Cleantech and IT sectors

Countering climate change requires the development of innovative technology as well as a sustained global commitment to bring about a clean energy economy.

That is why Flanders has been making a number of efforts in the development of new technologies for sustainable energy, be it a government-driven commitment, having innovative energy companies, and pioneering research centres and knowledge platforms. The region of Flanders offers various benefits to cleantech businesses in the domains of wind, solar, bio and other green resources.

One recent project is the construction of the world's biggest offshore wind turbines along the coast of Flanders. A total of 700 million euros has been collected for this project, called Northwester 2.

Construction began in May 2019, and the wind firm should be operational by the end of the year. It will have a production capacity equal to the energy use of more than 220,000 families.

Regarding the IT sector, Brussels is one of Europe's most prominent IT hubs and among the continent's high value-added service regions. It owes its position to the strong concentration of American and European IT multinationals in Brussels and Flanders, especially in the fields of integration and business process outsourcing.

Recently,, a Flanders-based non-profit membership organisation that provides information technology services, is partnering with NEM Foundation, a blockchain specialist from Singapore. The goal of the partnership is to co-develop an identification system that can help digitalise professions such as law and medicine.

  • This article was written by Luc Fabry, the Trade and Investment Counsellor of Flanders Investment & Trade. He can be contacted at and +65 96518119.


BELGIUM is located at the crossroads of three major European cultures, Germanic, Latin, and Anglo-Saxon. The Belgian DNA rests on multilingualism and multiculturalism within an open and tolerant environment.

Located at the heart of Europe, Brussels is one of the most accessible capitals in the continent. Thanks to its dense and outstanding transportation infrastructure, Belgium offers fast connections all over Europe by air, sea or land. Travelling to major commercial and industrial centres such as Paris, London, Amsterdam or Frankfurt - all located in a 300 km radius from Brussels - takes less than two hours by air or high-speed train.

Brussels is a city of one million inhabitants with a vast array of cultures, styles and nationalities, and a long tradition of hospitality and tolerance. It is large enough to be cosmopolitan yet small enough to offer all the advantages of a modern city. The city has good communications infrastructure, a quality of life envied by many, and a low-cost of living. The workforce is well-educated, productive and multilingual. The city is located at the heart of an open market of 500 million people. Thanks to these geographic and economic advantages, together with an outstanding quality of life, Brussels has convinced many overseas investors, from SMEs to multinationals, to establish their headquarters here. The Brussels Capital Region accounts for nearly 9 per cent of all exports from Belgium, with the service industries adding another 9 per cent.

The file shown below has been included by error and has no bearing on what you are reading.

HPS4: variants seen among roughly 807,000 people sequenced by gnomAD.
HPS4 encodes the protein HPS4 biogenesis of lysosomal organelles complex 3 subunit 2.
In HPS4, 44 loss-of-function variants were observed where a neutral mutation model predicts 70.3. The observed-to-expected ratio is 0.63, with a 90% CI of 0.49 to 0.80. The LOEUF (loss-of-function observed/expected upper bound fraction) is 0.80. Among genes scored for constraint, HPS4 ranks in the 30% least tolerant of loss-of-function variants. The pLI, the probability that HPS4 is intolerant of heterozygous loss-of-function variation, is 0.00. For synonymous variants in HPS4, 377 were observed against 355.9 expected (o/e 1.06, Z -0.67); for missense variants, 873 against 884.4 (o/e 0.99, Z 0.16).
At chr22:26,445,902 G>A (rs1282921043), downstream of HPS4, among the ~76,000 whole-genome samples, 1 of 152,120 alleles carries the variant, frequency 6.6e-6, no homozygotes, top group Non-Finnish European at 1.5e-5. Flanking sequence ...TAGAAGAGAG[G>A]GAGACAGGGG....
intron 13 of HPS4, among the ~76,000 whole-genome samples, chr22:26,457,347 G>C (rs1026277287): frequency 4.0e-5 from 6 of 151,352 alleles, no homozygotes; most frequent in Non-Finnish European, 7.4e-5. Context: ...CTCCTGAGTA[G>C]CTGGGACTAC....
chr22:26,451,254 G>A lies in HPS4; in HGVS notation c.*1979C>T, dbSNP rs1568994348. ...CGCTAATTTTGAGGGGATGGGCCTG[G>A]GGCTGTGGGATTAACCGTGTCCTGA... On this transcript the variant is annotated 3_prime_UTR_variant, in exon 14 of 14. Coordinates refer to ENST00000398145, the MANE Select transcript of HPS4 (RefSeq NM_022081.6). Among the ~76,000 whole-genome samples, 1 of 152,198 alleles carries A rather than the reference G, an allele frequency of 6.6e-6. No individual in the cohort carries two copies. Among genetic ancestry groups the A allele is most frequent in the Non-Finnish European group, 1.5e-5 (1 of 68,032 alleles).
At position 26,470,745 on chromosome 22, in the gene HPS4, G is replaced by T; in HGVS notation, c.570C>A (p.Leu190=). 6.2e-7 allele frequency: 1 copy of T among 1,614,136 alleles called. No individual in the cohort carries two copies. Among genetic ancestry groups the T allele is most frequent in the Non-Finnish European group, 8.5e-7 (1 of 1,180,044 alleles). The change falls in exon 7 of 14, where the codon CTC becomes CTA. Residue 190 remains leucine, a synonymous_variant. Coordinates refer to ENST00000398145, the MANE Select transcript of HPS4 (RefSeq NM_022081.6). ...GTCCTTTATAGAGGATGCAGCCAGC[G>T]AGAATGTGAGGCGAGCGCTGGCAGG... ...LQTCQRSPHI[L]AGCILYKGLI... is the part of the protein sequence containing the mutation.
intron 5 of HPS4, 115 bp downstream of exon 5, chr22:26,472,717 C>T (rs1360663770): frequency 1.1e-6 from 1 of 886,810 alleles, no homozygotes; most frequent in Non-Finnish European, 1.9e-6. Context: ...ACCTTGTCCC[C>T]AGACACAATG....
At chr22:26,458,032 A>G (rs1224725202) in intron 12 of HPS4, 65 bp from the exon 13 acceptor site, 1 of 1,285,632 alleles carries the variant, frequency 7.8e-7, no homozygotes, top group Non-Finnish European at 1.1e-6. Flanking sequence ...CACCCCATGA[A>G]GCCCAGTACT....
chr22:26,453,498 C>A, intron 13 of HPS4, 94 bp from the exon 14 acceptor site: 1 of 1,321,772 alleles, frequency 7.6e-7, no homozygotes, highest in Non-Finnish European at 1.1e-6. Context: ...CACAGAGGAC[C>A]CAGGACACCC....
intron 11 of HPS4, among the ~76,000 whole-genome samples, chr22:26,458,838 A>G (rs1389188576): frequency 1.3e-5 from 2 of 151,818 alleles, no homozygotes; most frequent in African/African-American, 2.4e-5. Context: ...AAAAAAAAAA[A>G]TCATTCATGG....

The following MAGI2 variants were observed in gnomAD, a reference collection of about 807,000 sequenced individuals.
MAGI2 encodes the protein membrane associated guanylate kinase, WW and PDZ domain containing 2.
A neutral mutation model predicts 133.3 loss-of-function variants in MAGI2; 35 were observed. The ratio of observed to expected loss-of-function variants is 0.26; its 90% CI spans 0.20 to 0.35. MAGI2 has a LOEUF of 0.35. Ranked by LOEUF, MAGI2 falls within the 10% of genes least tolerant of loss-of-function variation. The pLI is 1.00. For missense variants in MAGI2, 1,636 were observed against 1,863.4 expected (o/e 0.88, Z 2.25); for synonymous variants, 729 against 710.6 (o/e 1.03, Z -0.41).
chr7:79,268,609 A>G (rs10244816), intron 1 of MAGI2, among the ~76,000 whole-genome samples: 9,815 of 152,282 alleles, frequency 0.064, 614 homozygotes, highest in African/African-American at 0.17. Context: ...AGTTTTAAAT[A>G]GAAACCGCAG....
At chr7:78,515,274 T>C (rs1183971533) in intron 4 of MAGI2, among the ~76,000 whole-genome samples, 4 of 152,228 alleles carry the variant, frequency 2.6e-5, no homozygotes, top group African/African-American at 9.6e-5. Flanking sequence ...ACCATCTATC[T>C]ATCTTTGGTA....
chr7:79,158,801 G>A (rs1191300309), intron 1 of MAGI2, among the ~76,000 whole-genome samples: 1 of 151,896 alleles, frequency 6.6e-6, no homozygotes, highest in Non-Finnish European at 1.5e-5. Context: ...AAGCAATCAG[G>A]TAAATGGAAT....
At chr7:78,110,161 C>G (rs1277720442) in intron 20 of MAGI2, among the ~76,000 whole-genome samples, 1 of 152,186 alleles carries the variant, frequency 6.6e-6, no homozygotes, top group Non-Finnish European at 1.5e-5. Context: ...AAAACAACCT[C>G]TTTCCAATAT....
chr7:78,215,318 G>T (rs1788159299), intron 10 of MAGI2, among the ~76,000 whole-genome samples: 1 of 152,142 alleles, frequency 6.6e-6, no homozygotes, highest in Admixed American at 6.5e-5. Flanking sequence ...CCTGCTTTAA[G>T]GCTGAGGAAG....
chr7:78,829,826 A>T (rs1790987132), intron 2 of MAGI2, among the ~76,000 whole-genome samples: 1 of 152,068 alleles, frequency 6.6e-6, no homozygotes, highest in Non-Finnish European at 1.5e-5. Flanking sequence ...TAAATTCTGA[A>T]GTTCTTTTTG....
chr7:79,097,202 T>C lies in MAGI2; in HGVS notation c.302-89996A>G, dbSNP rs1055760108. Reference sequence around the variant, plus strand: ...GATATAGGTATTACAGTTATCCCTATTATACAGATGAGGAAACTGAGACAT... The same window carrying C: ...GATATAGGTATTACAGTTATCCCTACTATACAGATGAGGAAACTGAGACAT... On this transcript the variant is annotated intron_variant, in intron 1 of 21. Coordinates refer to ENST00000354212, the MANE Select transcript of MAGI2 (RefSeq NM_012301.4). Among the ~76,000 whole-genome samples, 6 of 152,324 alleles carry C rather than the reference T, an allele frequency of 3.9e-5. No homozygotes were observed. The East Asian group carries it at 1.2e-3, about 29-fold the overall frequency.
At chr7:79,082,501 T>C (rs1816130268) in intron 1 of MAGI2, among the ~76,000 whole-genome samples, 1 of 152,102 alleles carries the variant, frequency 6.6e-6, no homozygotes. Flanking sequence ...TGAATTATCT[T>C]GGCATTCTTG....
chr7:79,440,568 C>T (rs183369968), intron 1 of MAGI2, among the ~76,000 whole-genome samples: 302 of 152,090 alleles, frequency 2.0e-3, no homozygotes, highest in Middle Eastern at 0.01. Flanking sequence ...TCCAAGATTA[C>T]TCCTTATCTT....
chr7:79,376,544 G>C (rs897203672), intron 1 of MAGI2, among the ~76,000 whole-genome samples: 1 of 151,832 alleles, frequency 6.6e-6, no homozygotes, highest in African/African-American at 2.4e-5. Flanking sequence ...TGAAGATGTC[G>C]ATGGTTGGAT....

Some of the major companies include Volkswagen manufacturing plant, Toyota Motor and DaimlerChrysler. The foremost areas of production are electronics, chemicals, printing, publishing, clothing, telecommunications, aircraft construction, and the food industry.

Belgium is home to a unique concentration of decision-makers who shape the lives of hundreds of millions of people in Europe and around the world.

Brussels hosts the most important European institutions, NATO, professional federations, corporate headquarters and civil society organisations. It is home to 181 diplomatic missions, representative offices of some 200 regions and cities, 1,750 non-governmental organisations, 20,000 lobbyists, and the world's largest press corps with 1,200 accredited journalists.

Brussels is often dubbed the capital of standards for Europe, setting standards and establishing safeguards for the single biggest market in the world.

As a result, Brussels is the second biggest concentration of those seeking to affect legislation, after Washington, DC in the US.

There are about 50,000 businesses operating in and from Brussels, of which around 2,200 are foreign based. This number is constantly increasing and is a testament to the growing importance of Brussels in the European subcontinent. Hosting the headquarters of the European Union, there has been a significant increase in job opportunities as well as foreigners settling in the capital. For expatriates, the city is a blessing in terms of taxes, as every penny spent out of the city is tax-deductible.

Belgium offers an exceptionally high standard of living for expats and their families with first-class healthcare, high-quality housing at affordable prices, an excellent education system with many international schools, and world class gastronomy. In fact, Belgian douceur de vivre almost makes you forget about the weather!